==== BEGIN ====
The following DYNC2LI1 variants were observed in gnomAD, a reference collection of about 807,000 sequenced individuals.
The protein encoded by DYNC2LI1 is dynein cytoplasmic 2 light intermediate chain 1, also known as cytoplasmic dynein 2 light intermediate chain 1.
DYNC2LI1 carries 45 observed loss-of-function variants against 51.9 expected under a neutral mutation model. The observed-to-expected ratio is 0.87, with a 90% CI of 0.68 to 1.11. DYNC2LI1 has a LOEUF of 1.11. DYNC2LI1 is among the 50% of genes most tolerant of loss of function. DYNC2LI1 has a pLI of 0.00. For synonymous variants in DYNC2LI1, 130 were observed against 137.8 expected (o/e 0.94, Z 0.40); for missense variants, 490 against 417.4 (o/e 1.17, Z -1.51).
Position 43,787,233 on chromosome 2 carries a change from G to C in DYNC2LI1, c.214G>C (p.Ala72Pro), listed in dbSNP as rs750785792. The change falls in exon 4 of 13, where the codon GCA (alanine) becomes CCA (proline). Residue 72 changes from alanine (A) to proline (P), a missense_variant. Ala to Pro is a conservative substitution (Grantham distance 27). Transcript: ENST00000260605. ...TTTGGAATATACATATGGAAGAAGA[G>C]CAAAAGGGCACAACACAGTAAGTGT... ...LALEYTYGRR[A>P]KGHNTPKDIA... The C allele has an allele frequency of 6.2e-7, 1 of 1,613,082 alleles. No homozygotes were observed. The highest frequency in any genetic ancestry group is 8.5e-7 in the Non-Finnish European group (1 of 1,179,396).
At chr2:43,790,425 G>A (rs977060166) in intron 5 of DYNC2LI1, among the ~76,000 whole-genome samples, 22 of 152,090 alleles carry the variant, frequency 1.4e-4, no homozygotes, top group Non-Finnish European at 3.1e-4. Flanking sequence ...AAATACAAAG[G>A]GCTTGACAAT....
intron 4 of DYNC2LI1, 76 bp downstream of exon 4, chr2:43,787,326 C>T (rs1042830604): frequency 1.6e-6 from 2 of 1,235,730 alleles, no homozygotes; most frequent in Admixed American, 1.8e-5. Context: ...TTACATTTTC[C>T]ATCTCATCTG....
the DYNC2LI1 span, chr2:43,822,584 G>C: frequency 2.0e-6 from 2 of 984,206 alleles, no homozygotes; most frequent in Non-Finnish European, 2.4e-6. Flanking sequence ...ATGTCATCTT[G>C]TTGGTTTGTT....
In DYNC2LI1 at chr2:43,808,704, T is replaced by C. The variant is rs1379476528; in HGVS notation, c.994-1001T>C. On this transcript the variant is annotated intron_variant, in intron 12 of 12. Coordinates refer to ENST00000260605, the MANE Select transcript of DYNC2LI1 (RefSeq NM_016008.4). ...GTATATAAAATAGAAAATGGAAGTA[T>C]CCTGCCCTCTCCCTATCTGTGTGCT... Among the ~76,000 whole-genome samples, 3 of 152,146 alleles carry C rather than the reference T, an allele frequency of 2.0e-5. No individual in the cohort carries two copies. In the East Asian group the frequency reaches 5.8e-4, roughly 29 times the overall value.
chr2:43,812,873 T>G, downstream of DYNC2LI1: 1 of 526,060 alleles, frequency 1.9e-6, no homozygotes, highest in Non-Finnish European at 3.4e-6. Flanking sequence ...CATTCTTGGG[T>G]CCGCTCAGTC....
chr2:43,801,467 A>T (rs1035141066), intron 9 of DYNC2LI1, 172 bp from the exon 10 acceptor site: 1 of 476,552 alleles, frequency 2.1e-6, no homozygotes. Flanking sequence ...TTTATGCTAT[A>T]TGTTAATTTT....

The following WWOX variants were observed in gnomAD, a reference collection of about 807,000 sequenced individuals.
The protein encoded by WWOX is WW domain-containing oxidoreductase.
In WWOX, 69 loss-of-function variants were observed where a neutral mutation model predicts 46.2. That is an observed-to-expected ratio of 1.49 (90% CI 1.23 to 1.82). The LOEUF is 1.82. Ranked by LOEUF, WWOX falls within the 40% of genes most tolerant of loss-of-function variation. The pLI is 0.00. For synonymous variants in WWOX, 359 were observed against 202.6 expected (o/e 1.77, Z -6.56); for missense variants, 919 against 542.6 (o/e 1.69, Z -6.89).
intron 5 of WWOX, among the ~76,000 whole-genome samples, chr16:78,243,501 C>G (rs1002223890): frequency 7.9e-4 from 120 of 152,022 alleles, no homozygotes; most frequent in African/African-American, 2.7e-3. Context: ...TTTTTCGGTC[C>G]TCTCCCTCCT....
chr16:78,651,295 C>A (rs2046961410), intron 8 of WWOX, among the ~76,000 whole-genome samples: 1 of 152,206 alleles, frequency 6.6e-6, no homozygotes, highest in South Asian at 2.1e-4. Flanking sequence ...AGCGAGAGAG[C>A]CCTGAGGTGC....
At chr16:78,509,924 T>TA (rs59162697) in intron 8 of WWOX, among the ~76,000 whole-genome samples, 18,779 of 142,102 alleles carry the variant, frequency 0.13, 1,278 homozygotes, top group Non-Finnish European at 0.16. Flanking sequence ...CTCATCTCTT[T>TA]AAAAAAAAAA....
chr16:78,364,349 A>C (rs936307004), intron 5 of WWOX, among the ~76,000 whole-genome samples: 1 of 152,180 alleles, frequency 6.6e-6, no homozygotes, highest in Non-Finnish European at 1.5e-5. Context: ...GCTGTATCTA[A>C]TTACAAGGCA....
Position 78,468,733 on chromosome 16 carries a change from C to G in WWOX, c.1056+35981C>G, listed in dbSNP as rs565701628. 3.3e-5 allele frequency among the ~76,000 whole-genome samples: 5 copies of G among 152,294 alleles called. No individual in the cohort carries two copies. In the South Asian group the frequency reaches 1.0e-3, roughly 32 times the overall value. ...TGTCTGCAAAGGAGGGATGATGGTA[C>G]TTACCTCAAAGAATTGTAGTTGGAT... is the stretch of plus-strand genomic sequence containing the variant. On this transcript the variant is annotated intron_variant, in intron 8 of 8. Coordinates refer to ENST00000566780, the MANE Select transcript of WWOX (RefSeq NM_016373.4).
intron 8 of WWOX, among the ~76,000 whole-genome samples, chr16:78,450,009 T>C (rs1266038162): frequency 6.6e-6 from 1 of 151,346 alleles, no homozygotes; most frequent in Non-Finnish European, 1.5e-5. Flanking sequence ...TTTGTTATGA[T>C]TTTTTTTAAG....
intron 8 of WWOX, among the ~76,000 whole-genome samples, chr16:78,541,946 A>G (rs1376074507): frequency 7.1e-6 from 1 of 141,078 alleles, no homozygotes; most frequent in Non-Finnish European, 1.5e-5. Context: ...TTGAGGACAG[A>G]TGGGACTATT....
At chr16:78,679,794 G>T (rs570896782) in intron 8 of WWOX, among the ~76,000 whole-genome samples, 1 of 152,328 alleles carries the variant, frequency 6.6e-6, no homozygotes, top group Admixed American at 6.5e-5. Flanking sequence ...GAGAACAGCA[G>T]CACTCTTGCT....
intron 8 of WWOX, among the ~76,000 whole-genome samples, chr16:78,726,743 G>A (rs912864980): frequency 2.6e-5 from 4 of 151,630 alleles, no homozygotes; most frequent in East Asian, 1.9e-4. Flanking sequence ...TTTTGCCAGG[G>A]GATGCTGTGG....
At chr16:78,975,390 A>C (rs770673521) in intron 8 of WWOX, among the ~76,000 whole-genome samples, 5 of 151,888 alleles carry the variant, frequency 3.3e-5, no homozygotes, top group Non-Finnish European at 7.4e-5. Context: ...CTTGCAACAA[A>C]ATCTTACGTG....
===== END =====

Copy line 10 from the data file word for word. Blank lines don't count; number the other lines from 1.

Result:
chr2:43,801,467 A>T (rs1035141066), intron 9 of DYNC2LI1, 172 bp from the exon 10 acceptor site: 1 of 476,552 alleles, frequency 2.1e-6, no homozygotes. Flanking sequence ...TTTATGCTAT[A>T]TGTTAATTTT....